In my last post, David Aaronovitch: expert on lies, I stated that Aaronovitch's 2005 article we weren't lied to was "bollocks". It has come to my attention that this is a misleading statement.
Andrew Watt, of the voluminous and absorbing Chilcot's Cheating Us blog has pointed out that in fact the article is Voodoo Bollocks.
I acknowledge that while I did not intend to mislead, this was a half-truth which might have given an inaccurate impression, and that Dr Watt is entirely correct in his observations.
I am therefore glad to accord this correction prominence commensurate with that of the original statement.
I had considered merely appending a little footnote somewhere unobtrusive, perhaps even including a dismissive remark instructing the reader to conclude that it doesn't affect my main argument. I might even have adopted the common technique of silently editing the post, or the less common one of just deleting the original while avoiding embarrassing 'page not found' errors by substituting a blank page. However, not being a paid journalist, I can afford some professional ethics.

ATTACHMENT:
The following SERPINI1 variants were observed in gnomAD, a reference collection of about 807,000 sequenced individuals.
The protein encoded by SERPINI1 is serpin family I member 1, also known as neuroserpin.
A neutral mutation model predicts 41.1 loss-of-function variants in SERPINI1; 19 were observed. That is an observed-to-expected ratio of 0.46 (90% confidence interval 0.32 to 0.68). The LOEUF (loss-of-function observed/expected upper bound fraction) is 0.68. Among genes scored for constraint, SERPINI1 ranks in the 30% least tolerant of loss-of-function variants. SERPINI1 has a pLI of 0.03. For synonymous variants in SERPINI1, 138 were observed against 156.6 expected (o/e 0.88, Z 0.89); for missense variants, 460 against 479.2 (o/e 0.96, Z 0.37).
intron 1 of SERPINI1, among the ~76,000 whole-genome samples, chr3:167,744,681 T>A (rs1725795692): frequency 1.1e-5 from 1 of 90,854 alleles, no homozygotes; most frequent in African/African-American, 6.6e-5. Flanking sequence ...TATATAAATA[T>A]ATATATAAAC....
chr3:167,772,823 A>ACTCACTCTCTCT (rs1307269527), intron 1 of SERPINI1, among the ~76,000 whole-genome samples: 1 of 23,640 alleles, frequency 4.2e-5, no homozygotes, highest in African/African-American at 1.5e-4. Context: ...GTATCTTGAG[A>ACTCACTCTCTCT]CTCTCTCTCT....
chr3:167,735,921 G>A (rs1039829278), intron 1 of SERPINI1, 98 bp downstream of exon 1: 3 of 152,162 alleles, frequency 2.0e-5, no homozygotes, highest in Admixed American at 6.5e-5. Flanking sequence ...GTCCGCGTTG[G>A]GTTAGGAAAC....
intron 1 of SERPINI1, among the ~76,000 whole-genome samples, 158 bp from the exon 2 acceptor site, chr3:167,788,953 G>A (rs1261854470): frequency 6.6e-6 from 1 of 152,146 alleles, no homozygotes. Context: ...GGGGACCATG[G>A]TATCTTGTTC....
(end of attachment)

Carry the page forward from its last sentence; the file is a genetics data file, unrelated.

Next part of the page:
Apologies to both of my readers. I should have been more careful.
UPDATE 29 May 2011:
via Jay Rosen, via Crooked Timber: the most spurious and creepy retraction I've come across yet.
As reported by the Washington Times
John DiIulio, the former director of the White House faith-based initiative office, yesterday apologized for saying that President Bush's domestic priorities are determined exclusively by political considerations.
Using words uttered hours earlier by White House spokesman Ari Fleischer, who called Mr. DiIulio's remarks in the January edition of Esquire magazine "baseless and groundless," the first high-ranking Bush official to leave the administration asked for forgiveness and vowed never to speak or write again about his short White House stint.
"My criticisms were groundless and baseless due to poorly chosen words and examples. I sincerely apologize and I am deeply remorseful," Mr. DiIulio said in a statement.